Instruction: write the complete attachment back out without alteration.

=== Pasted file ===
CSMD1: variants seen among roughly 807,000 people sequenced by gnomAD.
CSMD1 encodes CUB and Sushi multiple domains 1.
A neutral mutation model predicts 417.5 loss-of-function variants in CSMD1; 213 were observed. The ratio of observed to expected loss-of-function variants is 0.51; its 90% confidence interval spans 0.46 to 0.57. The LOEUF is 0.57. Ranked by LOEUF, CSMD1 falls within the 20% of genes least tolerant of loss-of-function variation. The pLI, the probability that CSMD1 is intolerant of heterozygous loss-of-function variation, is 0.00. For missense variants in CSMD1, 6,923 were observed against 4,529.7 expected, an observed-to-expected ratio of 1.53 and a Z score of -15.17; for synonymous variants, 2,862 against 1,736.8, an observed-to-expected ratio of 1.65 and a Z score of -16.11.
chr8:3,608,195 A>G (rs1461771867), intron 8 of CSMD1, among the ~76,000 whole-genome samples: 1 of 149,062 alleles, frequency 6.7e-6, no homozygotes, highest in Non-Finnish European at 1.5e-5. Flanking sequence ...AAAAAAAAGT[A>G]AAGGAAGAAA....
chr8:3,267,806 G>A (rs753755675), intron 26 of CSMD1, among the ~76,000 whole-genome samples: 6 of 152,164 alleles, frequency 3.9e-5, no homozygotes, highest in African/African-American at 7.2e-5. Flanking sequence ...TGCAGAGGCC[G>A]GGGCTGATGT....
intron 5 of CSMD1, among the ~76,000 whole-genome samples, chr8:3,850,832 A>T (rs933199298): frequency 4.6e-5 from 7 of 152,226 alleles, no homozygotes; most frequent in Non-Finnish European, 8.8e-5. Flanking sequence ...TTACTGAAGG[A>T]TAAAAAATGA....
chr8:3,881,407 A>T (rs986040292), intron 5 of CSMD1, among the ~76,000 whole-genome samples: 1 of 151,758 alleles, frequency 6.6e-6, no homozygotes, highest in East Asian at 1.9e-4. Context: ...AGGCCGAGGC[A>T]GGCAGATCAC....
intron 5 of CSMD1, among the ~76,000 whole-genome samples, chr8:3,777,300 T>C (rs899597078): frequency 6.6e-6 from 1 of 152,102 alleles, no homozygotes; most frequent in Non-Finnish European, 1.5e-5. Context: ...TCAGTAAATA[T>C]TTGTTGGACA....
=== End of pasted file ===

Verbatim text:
CSMD1: variants seen among roughly 807,000 people sequenced by gnomAD.
CSMD1 encodes CUB and Sushi multiple domains 1.
A neutral mutation model predicts 417.5 loss-of-function variants in CSMD1; 213 were observed. The ratio of observed to expected loss-of-function variants is 0.51; its 90% confidence interval spans 0.46 to 0.57. The LOEUF is 0.57. Ranked by LOEUF, CSMD1 falls within the 20% of genes least tolerant of loss-of-function variation. The pLI, the probability that CSMD1 is intolerant of heterozygous loss-of-function variation, is 0.00. For missense variants in CSMD1, 6,923 were observed against 4,529.7 expected, an observed-to-expected ratio of 1.53 and a Z score of -15.17; for synonymous variants, 2,862 against 1,736.8, an observed-to-expected ratio of 1.65 and a Z score of -16.11.
chr8:3,608,195 A>G (rs1461771867), intron 8 of CSMD1, among the ~76,000 whole-genome samples: 1 of 149,062 alleles, frequency 6.7e-6, no homozygotes, highest in Non-Finnish European at 1.5e-5. Flanking sequence ...AAAAAAAAGT[A>G]AAGGAAGAAA....
chr8:3,267,806 G>A (rs753755675), intron 26 of CSMD1, among the ~76,000 whole-genome samples: 6 of 152,164 alleles, frequency 3.9e-5, no homozygotes, highest in African/African-American at 7.2e-5. Flanking sequence ...TGCAGAGGCC[G>A]GGGCTGATGT....
intron 5 of CSMD1, among the ~76,000 whole-genome samples, chr8:3,850,832 A>T (rs933199298): frequency 4.6e-5 from 7 of 152,226 alleles, no homozygotes; most frequent in Non-Finnish European, 8.8e-5. Flanking sequence ...TTACTGAAGG[A>T]TAAAAAATGA....
chr8:3,881,407 A>T (rs986040292), intron 5 of CSMD1, among the ~76,000 whole-genome samples: 1 of 151,758 alleles, frequency 6.6e-6, no homozygotes, highest in East Asian at 1.9e-4. Context: ...AGGCCGAGGC[A>T]GGCAGATCAC....
intron 5 of CSMD1, among the ~76,000 whole-genome samples, chr8:3,777,300 T>C (rs899597078): frequency 6.6e-6 from 1 of 152,102 alleles, no homozygotes; most frequent in Non-Finnish European, 1.5e-5. Context: ...TCAGTAAATA[T>C]TTGTTGGACA....